Emergency workers could be seen expanding the sinkhole as they worked to patch it up with planks of metal, with two buildings on the block losing access to water as emergency crews continued to fix the ground collapse. 

The DOT is responsible for overseeing the city’s 6,300 miles of streets, with the department currently resurfacing the pavement throughout the five boroughs.

While the exact cause of Thursday and Sunday’s sinkholes has yet to be revealed, they typically occur when a water main or sewer collapsed due to old pipes giving way. They can also form when water-drainage patterns change, the US Geological Survey reports.

Emergency crews inspect Thursday’s sinkhole in Upper Manhattan and block off the area with caution tape and orange cones prior to starting work on patching it up

The Department of Environmental Protection responds to a massive 20-foot sinkhole opened up in the middle of an Upper East Side street on Thursday  at East 89th Street and York Ave

The Department of Environmental Protection responds to a massive 20-foot sinkhole opened up in the middle of an Upper East Side street on Thursday  at East 89th Street and York Ave

Emergency crews were on scene evaluating the road and working on repairs just before 9am on Thursday morning

Emergency crews were on scene evaluating the road and working on repairs just before 9am on Thursday morning

Workers could be seen expanding the sinkhole as they worked to patch it up, with two buildings on the block losing access to water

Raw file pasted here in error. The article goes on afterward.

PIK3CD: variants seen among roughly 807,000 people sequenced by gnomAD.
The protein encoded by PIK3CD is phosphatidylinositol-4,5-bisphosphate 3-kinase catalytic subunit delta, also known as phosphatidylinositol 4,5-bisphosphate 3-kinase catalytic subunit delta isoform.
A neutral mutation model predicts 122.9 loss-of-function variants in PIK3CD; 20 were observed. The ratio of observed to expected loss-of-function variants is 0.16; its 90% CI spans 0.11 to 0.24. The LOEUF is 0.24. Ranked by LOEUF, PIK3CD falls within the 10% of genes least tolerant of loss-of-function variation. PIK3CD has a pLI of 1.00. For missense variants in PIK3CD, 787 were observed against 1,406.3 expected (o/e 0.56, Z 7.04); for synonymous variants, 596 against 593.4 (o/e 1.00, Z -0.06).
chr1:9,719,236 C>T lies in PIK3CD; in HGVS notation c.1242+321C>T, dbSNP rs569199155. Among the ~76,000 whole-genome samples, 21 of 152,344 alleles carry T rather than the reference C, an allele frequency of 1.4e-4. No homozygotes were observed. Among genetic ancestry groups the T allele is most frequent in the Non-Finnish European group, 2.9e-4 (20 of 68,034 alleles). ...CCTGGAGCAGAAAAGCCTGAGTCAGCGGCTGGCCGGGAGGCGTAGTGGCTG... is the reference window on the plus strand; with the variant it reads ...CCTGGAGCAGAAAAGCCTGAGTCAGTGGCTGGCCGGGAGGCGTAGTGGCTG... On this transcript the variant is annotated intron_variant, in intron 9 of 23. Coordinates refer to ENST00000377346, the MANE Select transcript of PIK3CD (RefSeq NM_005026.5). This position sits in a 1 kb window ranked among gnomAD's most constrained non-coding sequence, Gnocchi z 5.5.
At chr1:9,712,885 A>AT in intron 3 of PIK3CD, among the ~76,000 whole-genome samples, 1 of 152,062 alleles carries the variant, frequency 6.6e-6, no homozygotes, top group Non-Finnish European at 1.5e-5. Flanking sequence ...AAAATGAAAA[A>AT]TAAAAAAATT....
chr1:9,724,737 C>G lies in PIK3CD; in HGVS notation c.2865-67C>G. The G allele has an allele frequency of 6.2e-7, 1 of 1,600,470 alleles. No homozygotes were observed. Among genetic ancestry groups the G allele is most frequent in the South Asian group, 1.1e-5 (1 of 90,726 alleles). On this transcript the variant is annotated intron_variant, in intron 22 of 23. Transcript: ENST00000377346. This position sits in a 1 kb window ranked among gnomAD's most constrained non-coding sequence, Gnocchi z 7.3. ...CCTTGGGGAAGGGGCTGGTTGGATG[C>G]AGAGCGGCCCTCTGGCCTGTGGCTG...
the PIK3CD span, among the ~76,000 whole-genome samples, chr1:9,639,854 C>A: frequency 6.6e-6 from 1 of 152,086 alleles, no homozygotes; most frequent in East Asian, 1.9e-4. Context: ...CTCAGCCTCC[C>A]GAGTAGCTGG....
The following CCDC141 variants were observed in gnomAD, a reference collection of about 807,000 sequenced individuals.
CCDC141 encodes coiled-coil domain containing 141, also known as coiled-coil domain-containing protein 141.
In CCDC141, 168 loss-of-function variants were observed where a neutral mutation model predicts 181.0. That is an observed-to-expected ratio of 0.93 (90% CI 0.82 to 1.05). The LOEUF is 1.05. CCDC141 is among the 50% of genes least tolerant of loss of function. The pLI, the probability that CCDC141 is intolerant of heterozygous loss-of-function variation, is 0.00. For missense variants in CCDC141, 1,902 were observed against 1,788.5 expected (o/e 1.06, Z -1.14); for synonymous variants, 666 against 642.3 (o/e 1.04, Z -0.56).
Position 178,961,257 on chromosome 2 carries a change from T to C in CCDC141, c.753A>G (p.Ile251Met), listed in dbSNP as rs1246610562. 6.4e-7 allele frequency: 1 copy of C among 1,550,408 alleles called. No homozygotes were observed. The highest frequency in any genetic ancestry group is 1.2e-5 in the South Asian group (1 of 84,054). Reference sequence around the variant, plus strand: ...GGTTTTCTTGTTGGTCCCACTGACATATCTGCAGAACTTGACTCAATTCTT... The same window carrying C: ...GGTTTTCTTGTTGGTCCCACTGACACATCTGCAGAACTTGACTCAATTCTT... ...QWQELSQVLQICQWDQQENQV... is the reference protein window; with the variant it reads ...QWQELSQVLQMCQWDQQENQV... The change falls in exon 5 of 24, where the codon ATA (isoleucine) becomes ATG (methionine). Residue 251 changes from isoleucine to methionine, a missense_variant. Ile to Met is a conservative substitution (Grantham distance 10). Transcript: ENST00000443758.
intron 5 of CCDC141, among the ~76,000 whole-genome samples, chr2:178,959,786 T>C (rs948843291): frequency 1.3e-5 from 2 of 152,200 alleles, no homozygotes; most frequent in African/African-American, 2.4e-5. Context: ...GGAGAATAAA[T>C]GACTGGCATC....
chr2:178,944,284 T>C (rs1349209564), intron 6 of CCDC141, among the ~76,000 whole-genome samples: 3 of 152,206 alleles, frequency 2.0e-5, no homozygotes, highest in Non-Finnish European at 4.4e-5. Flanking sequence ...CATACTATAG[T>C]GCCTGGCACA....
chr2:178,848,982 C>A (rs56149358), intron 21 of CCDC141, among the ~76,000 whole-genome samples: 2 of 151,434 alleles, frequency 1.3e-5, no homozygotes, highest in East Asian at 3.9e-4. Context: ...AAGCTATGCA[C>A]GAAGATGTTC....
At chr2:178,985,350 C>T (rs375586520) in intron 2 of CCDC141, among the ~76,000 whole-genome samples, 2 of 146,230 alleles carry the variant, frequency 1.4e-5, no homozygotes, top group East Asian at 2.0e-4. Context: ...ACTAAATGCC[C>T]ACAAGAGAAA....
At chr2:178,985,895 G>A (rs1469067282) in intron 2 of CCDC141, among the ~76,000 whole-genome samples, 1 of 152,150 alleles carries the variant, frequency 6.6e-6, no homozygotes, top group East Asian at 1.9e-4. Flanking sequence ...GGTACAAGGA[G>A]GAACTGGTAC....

Workers could be seen expanding the sinkhole as they worked to patch it up, with two buildings on the block losing access to water

Crew members equipped with shovels, hardhats and jackhammers worked on fixing the sinkhole, laying down steel blocks to patch up the collapsed dirt and pavement

Crew members equipped with shovels, hardhats and jackhammers worked on fixing the sinkhole, laying down steel blocks to patch up the collapsed dirt and pavement

The Department of Environmental Protection was also on scene investigating the water and sewer infrastructure as emergency crews continued to work on patching the sinkhole Thursday morning

 The Department of Environmental Protection was also on scene investigating the water and sewer infrastructure as emergency crews continued to work on patching the sinkhole Thursday morning

Emergency workers eventually brought out a prime dewatering pump to empty out a nearby sewer next to Thursday’s sinkhole, before a backhoe was used to pack the collapsed ground with fresh dirt.